How would you rate each of them in terms of:
I like my SQL and so have always been a die-hard fan of ADO.NET and stored procedures but I recently had a play with Linq to SQL and was blown away by how quickly I was writing out my DataAccess layer and have decided to spend some time really understanding either Linq to SQL or EF... or neither?
I just want to check, that there isn't a great flaw in any of these technologies that would render my research time useless. E.g. performance is terrible, it's cool for simple apps but can only take you so far.
Update: Can you concentrate on EF VS L2S VS SPs rather than ORM VS SPs. I'm mainly interested by EF VS L2S. But am keen to have them compared against stored procs too since plain SQl is something I know a lot about.
First off, if you're starting a new project, go with Entity Framework ("EF") - it now generates much better SQL (more like Linq to SQL does) and is easier to maintain and more powerful than Linq to SQL ("L2S"). As of the release of .NET 4.0, I consider Linq to SQL to be an obsolete technology. MS has been very open about not continuing L2S development further.
This is tricky to answer. For most single-entity operations (CRUD) you will find just about equivalent performance with all three technologies. You do have to know how EF and Linq to SQL work in order to use them to their fullest. For high-volume operations like polling queries, you may want to have EF/L2S "compile" your entity query such that the framework doesn't have to constantly regenerate the SQL, or you can run into scalability issues. (see edits)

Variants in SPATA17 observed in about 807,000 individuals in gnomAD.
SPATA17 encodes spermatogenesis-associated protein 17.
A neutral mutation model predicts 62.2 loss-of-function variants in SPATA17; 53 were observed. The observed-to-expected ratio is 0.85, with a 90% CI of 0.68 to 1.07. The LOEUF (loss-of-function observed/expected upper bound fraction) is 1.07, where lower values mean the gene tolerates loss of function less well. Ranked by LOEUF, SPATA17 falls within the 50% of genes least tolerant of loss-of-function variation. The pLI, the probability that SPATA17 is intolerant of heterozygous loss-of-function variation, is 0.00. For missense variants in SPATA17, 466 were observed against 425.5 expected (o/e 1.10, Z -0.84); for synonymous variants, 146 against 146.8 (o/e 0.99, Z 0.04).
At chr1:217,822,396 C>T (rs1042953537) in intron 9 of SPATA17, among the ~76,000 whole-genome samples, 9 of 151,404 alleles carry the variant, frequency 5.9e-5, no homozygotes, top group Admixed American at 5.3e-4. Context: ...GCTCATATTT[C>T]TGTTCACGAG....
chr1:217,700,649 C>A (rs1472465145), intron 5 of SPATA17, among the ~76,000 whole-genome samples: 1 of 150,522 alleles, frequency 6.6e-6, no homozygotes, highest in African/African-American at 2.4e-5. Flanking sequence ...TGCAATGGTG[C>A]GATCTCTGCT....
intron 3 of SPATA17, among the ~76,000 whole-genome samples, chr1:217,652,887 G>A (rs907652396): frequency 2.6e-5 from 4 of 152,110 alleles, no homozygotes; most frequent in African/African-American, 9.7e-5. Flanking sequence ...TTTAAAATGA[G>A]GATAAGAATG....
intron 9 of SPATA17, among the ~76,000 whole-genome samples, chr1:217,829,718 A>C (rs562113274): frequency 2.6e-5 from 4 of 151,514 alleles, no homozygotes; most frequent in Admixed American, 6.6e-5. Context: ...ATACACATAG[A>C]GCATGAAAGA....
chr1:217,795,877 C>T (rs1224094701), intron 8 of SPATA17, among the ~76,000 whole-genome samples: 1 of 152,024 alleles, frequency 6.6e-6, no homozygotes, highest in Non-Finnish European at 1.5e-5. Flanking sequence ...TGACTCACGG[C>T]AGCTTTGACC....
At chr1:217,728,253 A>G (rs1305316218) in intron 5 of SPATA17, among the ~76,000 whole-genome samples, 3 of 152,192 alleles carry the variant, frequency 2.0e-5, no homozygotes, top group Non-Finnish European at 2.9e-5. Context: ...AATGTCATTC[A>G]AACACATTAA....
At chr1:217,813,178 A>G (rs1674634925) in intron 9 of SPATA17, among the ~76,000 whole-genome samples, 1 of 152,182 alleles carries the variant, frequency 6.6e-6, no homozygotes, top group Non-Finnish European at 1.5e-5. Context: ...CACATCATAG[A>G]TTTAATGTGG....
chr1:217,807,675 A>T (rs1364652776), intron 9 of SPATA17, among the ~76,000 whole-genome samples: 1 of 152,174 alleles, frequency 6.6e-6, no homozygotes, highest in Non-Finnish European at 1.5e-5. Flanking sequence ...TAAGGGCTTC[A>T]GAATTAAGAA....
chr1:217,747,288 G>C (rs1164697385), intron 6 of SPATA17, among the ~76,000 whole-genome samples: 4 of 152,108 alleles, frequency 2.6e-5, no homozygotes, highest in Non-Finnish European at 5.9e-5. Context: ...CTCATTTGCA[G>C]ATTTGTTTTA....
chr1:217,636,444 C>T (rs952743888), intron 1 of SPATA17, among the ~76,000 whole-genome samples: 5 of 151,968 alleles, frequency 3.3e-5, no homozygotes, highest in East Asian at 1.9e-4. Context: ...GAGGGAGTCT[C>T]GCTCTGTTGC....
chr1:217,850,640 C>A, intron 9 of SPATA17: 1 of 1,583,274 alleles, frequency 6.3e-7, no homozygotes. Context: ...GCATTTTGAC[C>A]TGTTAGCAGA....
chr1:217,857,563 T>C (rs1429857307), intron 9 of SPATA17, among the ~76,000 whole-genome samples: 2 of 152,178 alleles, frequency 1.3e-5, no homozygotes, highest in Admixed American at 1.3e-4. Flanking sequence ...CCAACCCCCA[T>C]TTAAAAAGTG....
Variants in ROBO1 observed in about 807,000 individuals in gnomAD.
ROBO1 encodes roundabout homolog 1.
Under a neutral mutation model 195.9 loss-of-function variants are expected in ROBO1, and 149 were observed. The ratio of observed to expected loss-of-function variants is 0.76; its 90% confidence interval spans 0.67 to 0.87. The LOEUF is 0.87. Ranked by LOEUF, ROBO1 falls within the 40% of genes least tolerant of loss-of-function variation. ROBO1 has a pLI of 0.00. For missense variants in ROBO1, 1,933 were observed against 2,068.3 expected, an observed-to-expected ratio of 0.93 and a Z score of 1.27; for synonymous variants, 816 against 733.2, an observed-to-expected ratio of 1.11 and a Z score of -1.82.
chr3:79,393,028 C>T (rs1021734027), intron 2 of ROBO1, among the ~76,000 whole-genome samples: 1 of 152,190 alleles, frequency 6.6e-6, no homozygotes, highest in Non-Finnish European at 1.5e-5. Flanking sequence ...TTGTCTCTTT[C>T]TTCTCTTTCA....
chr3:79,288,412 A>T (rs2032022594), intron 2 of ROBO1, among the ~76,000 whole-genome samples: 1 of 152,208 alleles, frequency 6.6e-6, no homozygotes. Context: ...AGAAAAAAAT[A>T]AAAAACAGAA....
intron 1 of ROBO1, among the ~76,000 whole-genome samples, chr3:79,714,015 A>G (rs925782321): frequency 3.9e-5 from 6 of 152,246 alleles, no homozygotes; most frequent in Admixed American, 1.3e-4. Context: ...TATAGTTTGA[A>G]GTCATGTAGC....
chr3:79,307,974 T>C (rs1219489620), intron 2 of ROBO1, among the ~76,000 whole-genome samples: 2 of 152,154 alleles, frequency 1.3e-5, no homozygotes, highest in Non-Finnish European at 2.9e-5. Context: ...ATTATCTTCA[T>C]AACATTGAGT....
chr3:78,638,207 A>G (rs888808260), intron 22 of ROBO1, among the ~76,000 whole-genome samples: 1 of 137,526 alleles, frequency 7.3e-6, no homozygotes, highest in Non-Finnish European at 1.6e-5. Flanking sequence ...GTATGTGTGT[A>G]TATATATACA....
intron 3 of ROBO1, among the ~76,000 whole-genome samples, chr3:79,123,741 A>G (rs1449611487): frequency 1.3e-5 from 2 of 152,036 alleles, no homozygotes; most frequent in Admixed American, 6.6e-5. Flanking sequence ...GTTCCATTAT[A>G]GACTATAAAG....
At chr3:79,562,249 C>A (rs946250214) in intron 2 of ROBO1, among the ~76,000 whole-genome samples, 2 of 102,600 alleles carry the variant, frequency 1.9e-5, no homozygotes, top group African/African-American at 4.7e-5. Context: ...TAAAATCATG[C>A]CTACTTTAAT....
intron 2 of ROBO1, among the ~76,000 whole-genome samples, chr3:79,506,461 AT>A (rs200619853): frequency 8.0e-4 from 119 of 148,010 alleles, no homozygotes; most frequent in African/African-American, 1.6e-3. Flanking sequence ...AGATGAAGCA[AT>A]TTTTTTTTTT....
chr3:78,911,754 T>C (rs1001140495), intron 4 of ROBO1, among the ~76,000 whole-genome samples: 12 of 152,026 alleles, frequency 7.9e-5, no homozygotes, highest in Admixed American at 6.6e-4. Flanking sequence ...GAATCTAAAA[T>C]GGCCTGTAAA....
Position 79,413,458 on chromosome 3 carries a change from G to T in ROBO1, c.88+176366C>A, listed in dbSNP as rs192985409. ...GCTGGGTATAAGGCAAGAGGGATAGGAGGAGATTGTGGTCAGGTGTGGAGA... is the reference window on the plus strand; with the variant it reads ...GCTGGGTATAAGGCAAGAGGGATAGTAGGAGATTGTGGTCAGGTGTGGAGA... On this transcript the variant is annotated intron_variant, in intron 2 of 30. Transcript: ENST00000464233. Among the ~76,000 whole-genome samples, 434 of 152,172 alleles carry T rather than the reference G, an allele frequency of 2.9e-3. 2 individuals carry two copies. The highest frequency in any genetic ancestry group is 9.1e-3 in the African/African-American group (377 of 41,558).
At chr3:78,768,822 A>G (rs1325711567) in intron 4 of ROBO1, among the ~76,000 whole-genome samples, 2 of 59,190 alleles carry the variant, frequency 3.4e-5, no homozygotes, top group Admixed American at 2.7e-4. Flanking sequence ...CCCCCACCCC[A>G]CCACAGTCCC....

For bulk updates where you're updating massive amounts of data, raw SQL or a stored procedure will always perform better than an ORM solution because you don't have to marshal the data over the wire to the ORM to perform updates.
2) Speed of Development
In most scenarios, EF will blow away naked SQL/stored procs when it comes to speed of development. The EF designer can update your model from your database as it changes (upon request), so you don't run into synchronization issues between your object code and your database code. The only time I would not consider using an ORM is when you're doing a reporting/dashboard type application where you aren't doing any updating, or when you're creating an application just to do raw data maintenance operations on a database.
3) Neat/Maintainable code
Hands down, EF beats SQL/sprocs. Because your relationships are modeled, joins in your code are relatively infrequent. The relationships of the entities are almost self-evident to the reader for most queries. Nothing is worse than having to go from tier to tier debugging or through multiple SQL/middle tier in order to understand what's actually happening to your data. EF brings your data model into your code in a very powerful way.
Stored procs and raw SQL are more "flexible". You can leverage sprocs and SQL to generate faster queries for the odd specific case, and you can leverage native DB functionality easier than you can with and ORM.
Don't get caught up in the false dichotomy of choosing an ORM vs using stored procedures. You can use both in the same application, and you probably should. Big bulk operations should go in stored procedures or SQL (which can actually be called by the EF), and EF should be used for your CRUD operations and most of your middle-tier's needs. Perhaps you'd choose to use SQL for writing your reports. I guess the moral of the story is the same as it's always been. Use the right tool for the job. But the skinny of it is, EF is very good nowadays (as of .NET 4.0). Spend some real time reading and understanding it in depth and you can create some amazing, high-performance apps with ease.
EDIT: EF 5 simplifies this part a bit with auto-compiled LINQ Queries, but for real high volume stuff, you'll definitely need to test and analyze what fits best for you in the real world.
The general tradeoff is between having a great flexibility and losing lots of time vs. being restricted in what you can do but having it done very quickly.
There is no general answer to this question. It's a matter of holy wars. Also depends on a project at hand and your needs. Pick up what works best for you.